The Poona Pact was an agreement between Mahatma Gandhi and Dr. Babasaheb Ambedkar on behalf of the depressive classes and Hindu leaders of the upper caste on the reservation of electoral seats for the depressed classes within the legislature of British India in 1930. Manufactured on September 1, 1932 at Yerwada Central Prison in Poona, India. It was signed by Ambedkar, on behalf of the depressive classes, and by Madan Mohan Malviya on behalf of the upper Caste Hindus and Gandhi  to end the fast that Gandhi made in prison to protest the decision of British Prime Minister Ramsay MacDonald to give depressed classes separate voters for the election of members of provincial parliaments in British India. They finally agreed on 148 electoral seats.  6. The system of depiction of depressive classes by reserved seats in provincial and central legislators, provided for by clauses 1 and 4, is maintained until this comparison is defined by mutual agreement between the communities concerned. An agreement between Dr. Babasaheb Ambedkar and Mahatma Gandhi was signed 84 years ago, on September 24, 1932. The agreement was signed by Pt Madan Mohan Malviya and Dr.B.
R. Ambedkar and some Dalit chiefs in the Yerwada Central Jail in Pune to break Mahathma Gandhi`s fast to death. Why did Mahatma Gandhi die quickly? In 1932, the British announced the “The Communal Award”, considered one of the tools of division and domination in India. Mahatma Gandhi understood his approach and knew that it was an attack on Indian nationalism. That is why Mahatma Gandhi went on hunger strike and opposed the provision of separate voters for dalits. Gandhi resisted the British, believing that their policies would divide Hindu society. What were the terms of the Poona Pact? (5) The primary system for a group of candidates for central and provincial elections, as noted above, ends after the first ten years, unless it is terminated by mutual agreement under Clause 6. Poona Pact (September 24, 1932), an agreement between Hindu leaders in India, who granted new rights to Dalits (low-caste Hindu groups, at the time often referred to as “untouchables”). The pact signed in Poona (now Pune, Maharashtra) was born out of the Municipal Prize of 4 August 1932, a proposal of the British government that would allocate seats in the various parliaments of India to the different communities in order to resolve the various tensions between communal interests. Dalit`s leaders, especially Bhimrao Ramji Ambedkar, supported the proposal and believed it would allow the Dalits to advance their interests. On the other hand, Mahatma Gandhi opposed the provision of an electorate to the Dalits, who are separated from Hindu voters, which he said would weaken India in its quest for independence.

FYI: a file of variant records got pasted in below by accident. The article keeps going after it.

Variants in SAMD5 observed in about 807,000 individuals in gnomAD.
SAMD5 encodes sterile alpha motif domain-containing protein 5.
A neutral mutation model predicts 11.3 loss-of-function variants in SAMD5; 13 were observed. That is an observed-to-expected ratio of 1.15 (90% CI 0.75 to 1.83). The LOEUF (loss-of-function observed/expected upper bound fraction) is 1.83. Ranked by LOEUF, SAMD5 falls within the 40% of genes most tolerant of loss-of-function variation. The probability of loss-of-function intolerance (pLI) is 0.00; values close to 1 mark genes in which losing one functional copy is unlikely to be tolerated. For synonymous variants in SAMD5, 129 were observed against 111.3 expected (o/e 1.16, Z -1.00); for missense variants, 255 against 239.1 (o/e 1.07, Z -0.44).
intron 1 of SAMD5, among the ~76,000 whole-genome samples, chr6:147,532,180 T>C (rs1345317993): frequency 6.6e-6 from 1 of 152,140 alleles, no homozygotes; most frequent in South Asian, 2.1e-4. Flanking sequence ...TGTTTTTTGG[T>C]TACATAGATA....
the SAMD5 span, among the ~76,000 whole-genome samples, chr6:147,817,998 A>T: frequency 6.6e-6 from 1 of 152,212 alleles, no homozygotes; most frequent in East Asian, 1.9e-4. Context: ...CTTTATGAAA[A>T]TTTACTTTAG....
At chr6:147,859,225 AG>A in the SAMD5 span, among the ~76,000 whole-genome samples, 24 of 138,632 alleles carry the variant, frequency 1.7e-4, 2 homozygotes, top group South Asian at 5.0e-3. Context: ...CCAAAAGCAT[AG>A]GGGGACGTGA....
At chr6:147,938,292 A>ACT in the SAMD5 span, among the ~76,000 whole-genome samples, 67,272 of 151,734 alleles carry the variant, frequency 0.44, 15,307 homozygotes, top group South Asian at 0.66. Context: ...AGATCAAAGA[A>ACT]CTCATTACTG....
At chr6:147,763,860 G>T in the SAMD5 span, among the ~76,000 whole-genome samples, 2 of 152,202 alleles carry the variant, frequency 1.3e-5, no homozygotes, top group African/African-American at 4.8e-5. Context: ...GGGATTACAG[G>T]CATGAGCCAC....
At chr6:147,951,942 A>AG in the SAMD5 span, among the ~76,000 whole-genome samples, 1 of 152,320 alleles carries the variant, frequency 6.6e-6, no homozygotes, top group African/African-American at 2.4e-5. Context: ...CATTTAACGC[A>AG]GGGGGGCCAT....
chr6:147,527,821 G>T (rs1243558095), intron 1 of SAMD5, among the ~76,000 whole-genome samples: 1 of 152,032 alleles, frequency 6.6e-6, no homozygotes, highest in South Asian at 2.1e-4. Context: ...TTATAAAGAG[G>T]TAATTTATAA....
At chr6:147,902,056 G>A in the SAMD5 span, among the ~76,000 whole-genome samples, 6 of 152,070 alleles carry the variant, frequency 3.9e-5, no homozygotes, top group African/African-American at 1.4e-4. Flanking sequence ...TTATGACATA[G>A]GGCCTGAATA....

Although Gandhi was in prison, he announced a fast for death, which he began on September 18. All members of the depressive classes on the general electoral list of a constituency form an electoral college that elects a group of four candidates from the depressive classes for each of these seats reserved according to the method of individual voting, and four people who obtain the highest number of votes in these primaries are the candidates for election by the general electorate. When the heads of state and government met on Monday, it soon became clear that a compromise was not an option. Ambedkar said he would not sacrifice “any legitimate demand” for Gandhi`s sake, especially if no alternative proposal had been put forward. The next day, around noon, Gandhi began his fast until death. (9) In each province that exits the scholarship, an appropriate amount is provided for the provision of educational institutions for members of the depressive classes. “I have to resist their decision with my life,” he wrote to then British Prime Minister Ramsay Mcdonald on 18 August. “What I am is their legal separation, even in a limited form, from the Hindu wrinkle… He repeated on 9 September, but the British refused to make their decision.